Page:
If you are like many people in the American workforce, you have a job that requires you to sit at a desk for 40 hours - or more - every single week. People who remain sedentary for such long periods of time can face long term risks to their general health and wellness.
While studies have shown that increasing exercise can all but eliminate these risks, doing nothing can lead to severe, oftentimes fatal results. So, what can sitting down all day really do to your health? Here are five harmful health effects of having a sedentary job:
1. Higher Body Mass Index
When you are not moving around for hours at a time, the amount of calories burned are close to nonexistent. People who exercise can greatly decrease this and other risks associated with remaining sedentary, but without being active, obesity becomes much more likely.
2. Higher Blood Pressure
While blood pressure fluctuates throughout the day, sitting all day increases the risk of having higher blood pressure in the long term.
3. Higher Cholesterol Levels
Without exercise, the enzymes in your body that are responsible for ridding fat from the bloodstream can cause the levels of "good cholesterol" to drastically fall.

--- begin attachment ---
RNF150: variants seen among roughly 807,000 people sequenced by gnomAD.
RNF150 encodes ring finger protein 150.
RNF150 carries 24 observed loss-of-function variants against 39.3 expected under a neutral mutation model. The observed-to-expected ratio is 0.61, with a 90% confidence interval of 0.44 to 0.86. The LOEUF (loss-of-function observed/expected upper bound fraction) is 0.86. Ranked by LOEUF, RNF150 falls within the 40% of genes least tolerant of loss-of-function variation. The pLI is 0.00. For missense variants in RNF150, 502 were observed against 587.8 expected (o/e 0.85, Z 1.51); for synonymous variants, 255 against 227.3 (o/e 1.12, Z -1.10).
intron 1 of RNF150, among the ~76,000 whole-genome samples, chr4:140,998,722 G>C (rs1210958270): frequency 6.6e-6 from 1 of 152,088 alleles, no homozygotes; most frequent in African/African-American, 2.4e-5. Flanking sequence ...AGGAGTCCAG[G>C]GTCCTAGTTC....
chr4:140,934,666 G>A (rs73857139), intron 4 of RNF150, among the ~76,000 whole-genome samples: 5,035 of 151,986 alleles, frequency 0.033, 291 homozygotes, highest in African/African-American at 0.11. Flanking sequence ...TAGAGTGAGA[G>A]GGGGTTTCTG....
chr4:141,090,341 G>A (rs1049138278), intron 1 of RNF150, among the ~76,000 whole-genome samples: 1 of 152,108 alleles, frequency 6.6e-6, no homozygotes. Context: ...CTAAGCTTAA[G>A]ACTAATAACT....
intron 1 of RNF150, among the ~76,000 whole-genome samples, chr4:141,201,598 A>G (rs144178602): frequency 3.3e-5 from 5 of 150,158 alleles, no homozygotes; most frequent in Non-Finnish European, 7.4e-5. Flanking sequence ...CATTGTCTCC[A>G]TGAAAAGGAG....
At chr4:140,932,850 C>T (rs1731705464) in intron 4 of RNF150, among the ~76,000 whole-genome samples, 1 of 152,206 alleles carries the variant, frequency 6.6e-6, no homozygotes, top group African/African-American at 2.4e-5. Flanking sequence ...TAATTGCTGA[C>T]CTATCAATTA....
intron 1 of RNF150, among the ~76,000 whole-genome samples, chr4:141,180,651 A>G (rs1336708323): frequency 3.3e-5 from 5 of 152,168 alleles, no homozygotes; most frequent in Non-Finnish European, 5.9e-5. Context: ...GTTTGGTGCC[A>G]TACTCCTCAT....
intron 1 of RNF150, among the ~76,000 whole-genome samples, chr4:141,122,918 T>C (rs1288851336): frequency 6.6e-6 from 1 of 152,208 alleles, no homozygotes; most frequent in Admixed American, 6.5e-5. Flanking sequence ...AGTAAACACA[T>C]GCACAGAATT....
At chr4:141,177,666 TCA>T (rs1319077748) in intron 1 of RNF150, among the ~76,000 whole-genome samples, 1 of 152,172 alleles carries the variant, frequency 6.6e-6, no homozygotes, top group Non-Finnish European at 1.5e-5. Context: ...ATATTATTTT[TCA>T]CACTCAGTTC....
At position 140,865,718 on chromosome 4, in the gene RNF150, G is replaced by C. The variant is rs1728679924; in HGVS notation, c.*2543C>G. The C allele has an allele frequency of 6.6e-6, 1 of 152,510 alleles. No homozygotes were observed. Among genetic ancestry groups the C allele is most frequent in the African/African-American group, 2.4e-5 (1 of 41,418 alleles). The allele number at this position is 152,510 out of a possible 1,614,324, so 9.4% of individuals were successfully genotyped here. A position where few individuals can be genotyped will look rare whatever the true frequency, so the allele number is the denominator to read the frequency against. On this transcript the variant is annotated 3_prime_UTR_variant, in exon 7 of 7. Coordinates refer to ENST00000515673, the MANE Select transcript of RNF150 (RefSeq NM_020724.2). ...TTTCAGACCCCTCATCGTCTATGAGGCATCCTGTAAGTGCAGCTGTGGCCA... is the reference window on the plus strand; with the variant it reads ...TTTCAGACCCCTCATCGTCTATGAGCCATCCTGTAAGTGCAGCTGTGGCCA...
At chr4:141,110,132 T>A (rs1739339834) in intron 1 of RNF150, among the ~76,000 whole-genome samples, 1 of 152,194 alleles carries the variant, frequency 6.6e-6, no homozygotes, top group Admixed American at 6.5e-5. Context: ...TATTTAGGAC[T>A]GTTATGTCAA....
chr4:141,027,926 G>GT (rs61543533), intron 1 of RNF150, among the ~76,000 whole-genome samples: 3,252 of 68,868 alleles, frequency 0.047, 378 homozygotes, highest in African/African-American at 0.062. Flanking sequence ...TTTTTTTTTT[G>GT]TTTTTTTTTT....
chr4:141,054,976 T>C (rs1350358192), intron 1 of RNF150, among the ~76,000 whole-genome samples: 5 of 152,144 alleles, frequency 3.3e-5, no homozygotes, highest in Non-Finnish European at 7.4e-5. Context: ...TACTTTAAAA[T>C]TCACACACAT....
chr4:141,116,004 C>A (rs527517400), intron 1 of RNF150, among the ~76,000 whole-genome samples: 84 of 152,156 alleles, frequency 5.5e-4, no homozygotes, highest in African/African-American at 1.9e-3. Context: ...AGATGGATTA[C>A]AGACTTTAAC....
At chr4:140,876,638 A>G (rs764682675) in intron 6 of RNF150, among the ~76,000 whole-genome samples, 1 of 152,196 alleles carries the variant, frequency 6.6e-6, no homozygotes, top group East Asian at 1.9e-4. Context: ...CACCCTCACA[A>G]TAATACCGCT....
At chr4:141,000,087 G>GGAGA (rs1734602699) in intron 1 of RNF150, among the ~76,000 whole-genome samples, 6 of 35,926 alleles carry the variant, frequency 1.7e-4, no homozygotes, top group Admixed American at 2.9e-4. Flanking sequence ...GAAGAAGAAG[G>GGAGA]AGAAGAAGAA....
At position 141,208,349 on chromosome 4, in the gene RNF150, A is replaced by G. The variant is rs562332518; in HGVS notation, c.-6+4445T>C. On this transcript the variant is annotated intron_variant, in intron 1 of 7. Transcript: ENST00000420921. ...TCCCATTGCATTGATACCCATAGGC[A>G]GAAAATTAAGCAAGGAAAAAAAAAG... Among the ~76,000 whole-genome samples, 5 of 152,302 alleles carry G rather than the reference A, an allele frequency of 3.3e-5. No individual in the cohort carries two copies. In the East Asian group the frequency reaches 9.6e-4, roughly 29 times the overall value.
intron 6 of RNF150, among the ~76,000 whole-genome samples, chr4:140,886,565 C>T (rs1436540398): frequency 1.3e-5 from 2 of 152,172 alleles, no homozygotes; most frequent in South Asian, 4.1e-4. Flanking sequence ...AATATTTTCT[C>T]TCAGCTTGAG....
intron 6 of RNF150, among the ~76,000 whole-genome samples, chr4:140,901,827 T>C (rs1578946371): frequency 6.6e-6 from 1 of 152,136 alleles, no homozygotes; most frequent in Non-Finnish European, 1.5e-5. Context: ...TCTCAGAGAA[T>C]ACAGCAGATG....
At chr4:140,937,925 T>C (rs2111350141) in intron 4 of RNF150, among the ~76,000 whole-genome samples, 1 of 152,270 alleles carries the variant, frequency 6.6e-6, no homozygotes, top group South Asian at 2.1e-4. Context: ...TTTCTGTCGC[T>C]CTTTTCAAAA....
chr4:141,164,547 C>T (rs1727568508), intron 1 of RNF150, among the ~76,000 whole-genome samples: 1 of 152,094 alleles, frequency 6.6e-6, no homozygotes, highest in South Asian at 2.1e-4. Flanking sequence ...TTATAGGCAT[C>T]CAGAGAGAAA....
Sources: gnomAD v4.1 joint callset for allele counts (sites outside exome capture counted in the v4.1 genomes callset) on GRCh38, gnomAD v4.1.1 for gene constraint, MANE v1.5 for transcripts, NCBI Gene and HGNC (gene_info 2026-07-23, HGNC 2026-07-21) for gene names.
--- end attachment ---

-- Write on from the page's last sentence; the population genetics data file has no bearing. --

4. Early Signs of Diabetes
Some recent studies have concluded that people who sit all day produce much less insulin than the average amount. One study recorded a 40 percent decrease in young volunteers after 24 hours of being sedentary.
5. Inactive Muscles
Without exercise, sitting all day means the majority of your body's muscles are doing nothing. When one stays active, the muscles create molecules that are beneficial to your health. When remaining motionless for much of the day, that process does not occur.
By taking a few breaks per day to move around, you can avoid these costly effects. Walking for just a minute twice an hour throughout your day will stave off some of these harmful effects.
Author and business thinker Nilofer Merchant suggests a small idea that just might have a big impact on your life and health: Next time you have a one-on-one meeting, make it into a "walking meeting" — and let ideas flow while you walk and talk.
For more tips on health and wellness visit our resources section or find a nutritionist near you.